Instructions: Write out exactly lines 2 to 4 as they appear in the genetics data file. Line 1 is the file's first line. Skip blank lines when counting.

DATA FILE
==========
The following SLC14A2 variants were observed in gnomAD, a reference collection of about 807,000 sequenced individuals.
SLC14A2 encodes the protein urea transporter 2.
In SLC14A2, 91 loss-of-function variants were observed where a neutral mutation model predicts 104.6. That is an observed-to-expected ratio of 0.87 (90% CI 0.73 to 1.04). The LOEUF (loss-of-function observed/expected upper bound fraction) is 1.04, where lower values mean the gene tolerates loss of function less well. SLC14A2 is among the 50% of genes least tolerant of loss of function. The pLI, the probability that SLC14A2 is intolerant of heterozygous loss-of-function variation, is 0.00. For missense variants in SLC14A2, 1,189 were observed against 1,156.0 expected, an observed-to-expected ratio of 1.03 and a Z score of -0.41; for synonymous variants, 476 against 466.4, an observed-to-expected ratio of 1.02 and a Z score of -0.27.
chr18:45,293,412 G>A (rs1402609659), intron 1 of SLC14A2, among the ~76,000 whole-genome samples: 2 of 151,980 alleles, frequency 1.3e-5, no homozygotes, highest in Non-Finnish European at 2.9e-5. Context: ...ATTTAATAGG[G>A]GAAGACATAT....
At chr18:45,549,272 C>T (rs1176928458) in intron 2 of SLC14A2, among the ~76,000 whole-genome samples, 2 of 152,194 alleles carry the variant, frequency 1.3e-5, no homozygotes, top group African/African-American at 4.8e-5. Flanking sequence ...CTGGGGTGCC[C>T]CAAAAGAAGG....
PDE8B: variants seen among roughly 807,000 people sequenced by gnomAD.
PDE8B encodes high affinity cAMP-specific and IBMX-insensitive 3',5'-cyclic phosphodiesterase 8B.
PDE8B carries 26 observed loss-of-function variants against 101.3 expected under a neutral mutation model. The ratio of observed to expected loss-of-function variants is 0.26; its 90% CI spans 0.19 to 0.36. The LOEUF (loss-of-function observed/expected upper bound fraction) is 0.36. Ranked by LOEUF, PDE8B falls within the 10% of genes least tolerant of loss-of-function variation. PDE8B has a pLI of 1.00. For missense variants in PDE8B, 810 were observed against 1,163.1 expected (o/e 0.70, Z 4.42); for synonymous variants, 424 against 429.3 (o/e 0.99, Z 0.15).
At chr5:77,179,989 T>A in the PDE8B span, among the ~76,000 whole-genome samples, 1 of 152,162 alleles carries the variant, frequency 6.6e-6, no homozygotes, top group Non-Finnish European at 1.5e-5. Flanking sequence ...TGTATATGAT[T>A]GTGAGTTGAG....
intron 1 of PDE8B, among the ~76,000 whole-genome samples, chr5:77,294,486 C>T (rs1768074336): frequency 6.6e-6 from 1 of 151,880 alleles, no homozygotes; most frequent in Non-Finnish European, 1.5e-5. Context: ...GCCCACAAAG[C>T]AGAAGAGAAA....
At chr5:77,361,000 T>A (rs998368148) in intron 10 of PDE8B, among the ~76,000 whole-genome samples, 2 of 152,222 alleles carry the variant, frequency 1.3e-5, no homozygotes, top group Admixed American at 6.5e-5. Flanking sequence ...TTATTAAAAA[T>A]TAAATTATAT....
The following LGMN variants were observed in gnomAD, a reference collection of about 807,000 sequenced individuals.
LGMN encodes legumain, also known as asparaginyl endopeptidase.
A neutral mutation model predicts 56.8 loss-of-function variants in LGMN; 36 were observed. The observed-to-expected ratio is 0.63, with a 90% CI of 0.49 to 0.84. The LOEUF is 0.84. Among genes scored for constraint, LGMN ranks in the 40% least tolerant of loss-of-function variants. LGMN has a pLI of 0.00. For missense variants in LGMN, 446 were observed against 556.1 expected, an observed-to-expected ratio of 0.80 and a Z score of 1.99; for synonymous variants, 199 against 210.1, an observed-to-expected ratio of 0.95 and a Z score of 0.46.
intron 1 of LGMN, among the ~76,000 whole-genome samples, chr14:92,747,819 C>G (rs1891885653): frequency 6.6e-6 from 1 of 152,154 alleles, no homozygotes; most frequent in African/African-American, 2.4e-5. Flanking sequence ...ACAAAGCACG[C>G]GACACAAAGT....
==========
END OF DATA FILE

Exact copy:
SLC14A2 encodes the protein urea transporter 2.
In SLC14A2, 91 loss-of-function variants were observed where a neutral mutation model predicts 104.6. That is an observed-to-expected ratio of 0.87 (90% CI 0.73 to 1.04). The LOEUF (loss-of-function observed/expected upper bound fraction) is 1.04, where lower values mean the gene tolerates loss of function less well. SLC14A2 is among the 50% of genes least tolerant of loss of function. The pLI, the probability that SLC14A2 is intolerant of heterozygous loss-of-function variation, is 0.00. For missense variants in SLC14A2, 1,189 were observed against 1,156.0 expected, an observed-to-expected ratio of 1.03 and a Z score of -0.41; for synonymous variants, 476 against 466.4, an observed-to-expected ratio of 1.02 and a Z score of -0.27.
chr18:45,293,412 G>A (rs1402609659), intron 1 of SLC14A2, among the ~76,000 whole-genome samples: 2 of 151,980 alleles, frequency 1.3e-5, no homozygotes, highest in Non-Finnish European at 2.9e-5. Context: ...ATTTAATAGG[G>A]GAAGACATAT....